It is critical that the data we collect is shared because at the end of the day the whole industry will benefit if the customer is the winner. A clear challenge is all the legacy systems in our industry that are not equipped to manage data in the way required. To support the change, we should make the case that leading with data is much easier, because there’s less guesswork involved and there’s much more time to prepare and adapt. Accurate data ensures the smooth flow of goods, prevents delays in our service and ensures goods are handled correctly.
I don’t see a cargo future without significant investment in digital tools. I’ve said before that supply chains utilising digital tools are not necessarily fast, but all fast supply chains use digital tools. An important distinction. In other words, stakeholders who want to follow the global market trend and provide faster air cargo services must not fight digital tools. Digital is the missing link to guarantee end-to-end speed, quality and continual improvement in the industry.
How 2018 went for Finnair Cargo
In 2018 the air cargo market continued to grow overall, but at a slightly slower speed than in 2017. The widely recognised over-capacity in the market had an effect on air cargo unit revenues, although cargo yields began trending upwards after the midpoint of the year.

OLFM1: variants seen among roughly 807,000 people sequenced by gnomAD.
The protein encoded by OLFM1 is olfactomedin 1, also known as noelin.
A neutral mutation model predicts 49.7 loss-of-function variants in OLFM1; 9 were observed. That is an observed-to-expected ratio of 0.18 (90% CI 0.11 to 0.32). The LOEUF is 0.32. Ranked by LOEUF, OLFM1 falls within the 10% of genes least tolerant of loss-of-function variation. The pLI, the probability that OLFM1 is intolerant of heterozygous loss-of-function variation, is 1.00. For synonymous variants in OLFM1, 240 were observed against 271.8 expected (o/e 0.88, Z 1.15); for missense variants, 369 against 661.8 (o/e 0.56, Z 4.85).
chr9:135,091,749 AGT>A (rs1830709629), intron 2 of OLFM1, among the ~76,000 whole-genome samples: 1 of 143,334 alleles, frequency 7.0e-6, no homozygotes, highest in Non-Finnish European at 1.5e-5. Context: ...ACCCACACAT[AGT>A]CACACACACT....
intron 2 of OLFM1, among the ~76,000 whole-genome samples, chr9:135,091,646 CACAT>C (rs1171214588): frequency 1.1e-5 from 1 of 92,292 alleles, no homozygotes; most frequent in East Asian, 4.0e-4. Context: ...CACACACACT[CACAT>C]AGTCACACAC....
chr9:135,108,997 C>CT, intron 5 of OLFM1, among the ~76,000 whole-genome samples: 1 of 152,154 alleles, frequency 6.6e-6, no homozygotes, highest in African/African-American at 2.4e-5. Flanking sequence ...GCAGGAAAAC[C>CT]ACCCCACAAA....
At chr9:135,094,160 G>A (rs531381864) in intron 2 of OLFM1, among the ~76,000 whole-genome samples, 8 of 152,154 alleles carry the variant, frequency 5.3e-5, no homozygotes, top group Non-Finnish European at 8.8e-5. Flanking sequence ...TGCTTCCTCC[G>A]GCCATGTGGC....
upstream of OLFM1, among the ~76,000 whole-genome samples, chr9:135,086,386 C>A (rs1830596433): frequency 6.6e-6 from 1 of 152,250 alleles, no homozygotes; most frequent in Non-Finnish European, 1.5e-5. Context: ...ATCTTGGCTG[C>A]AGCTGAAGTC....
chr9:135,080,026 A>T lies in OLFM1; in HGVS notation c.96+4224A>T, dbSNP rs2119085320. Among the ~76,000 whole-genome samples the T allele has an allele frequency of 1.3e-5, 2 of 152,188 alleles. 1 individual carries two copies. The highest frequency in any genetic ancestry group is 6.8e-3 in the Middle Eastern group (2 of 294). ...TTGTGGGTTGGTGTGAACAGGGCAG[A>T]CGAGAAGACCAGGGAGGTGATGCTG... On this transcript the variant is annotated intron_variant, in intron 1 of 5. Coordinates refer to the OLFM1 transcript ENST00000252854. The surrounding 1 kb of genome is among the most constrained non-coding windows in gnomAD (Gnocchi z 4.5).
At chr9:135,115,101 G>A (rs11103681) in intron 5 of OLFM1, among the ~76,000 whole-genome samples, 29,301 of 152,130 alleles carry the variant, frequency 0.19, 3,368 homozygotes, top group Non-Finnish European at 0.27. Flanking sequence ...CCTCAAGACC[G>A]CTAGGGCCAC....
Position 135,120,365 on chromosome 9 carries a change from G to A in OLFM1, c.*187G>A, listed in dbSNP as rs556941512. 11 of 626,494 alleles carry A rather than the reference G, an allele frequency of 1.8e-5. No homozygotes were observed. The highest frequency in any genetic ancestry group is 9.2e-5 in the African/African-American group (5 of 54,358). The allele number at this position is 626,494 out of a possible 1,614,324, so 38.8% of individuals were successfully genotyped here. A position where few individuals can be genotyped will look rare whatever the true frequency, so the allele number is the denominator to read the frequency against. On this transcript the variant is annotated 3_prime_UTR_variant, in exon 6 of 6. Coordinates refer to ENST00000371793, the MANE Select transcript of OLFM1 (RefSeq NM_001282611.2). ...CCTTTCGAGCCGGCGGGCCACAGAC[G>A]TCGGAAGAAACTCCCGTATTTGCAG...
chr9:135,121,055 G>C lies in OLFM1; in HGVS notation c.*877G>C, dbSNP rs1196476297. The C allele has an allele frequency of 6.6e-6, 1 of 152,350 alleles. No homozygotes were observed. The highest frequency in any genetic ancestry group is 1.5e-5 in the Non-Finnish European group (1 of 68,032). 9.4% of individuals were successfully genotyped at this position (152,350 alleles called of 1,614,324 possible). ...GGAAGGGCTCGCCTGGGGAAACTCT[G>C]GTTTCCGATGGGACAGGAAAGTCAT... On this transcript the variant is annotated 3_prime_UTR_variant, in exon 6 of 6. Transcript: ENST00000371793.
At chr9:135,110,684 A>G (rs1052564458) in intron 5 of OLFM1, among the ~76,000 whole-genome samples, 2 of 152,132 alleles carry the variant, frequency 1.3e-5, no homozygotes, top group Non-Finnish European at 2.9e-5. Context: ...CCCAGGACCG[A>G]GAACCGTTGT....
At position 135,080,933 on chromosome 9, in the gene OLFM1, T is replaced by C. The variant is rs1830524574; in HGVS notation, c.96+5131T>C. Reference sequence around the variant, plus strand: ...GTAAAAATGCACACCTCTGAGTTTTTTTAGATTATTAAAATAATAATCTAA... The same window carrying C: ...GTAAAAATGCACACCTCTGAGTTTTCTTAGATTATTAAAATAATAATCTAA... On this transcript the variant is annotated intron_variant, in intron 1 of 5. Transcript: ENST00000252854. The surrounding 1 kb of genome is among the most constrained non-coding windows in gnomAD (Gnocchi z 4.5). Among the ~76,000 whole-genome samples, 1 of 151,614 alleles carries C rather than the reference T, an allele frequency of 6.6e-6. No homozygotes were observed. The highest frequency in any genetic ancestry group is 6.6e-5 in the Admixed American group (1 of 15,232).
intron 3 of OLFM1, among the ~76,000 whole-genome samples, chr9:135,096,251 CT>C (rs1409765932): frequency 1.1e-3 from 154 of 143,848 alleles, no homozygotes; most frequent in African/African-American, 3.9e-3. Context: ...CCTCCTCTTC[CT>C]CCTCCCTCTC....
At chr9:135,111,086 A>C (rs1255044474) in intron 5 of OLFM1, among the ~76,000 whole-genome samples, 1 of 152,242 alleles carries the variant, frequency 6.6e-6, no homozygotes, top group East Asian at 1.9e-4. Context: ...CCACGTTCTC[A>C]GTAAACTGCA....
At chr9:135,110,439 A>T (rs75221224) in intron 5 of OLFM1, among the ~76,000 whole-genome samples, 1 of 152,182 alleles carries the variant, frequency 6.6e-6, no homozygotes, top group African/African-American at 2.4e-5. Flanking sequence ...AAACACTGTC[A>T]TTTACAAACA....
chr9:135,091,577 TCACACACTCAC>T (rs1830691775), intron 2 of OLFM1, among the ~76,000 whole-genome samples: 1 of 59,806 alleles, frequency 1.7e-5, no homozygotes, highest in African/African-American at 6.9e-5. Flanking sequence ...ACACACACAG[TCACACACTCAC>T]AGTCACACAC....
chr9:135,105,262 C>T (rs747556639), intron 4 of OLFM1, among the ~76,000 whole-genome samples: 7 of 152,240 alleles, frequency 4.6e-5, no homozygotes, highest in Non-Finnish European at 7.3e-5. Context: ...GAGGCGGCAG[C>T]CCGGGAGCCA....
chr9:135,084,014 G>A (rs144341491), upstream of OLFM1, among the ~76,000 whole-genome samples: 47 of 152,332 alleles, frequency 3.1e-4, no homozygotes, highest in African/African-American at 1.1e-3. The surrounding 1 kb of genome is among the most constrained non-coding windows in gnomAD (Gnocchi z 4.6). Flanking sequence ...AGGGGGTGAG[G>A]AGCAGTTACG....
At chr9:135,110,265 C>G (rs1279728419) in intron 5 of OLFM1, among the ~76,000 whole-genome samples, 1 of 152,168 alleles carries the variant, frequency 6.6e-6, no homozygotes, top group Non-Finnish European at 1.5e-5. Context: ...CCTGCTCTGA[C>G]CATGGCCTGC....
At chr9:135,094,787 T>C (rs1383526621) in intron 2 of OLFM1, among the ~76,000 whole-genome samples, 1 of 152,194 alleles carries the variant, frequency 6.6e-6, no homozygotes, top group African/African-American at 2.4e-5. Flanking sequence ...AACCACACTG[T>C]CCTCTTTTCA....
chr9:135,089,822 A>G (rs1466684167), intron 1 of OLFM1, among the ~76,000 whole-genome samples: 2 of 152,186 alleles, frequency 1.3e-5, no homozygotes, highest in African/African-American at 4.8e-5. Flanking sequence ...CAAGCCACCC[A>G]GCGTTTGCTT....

Our operations grew in-line with capacity additions and a buoyant cargo market in Japan and Finland contributed significantly to strong year on-year growth. Cargo revenue grew 4.8% to 206.9 million euros, up from 197.4 million euros on the previous year.
Our new COOL Nordic Cargo hub we took into operation in the fourth quarter of 2017 and the ramp-up of the new terminal operations was still visible in the first half of 2018 when cargo revenue grew more slowly than other Finnair revenue streams.
In the second half of the year we made several records in cargo tonnes handled. Available scheduled cargo tonne kilometres increased by 17.1 per cent, and revenue cargo tonne kilometres increased by 11.5 per cent. The volume of cargo carried increased by 0.7 per cent to 158,140 tonnes (157,028).
Finnair’s financial report 2018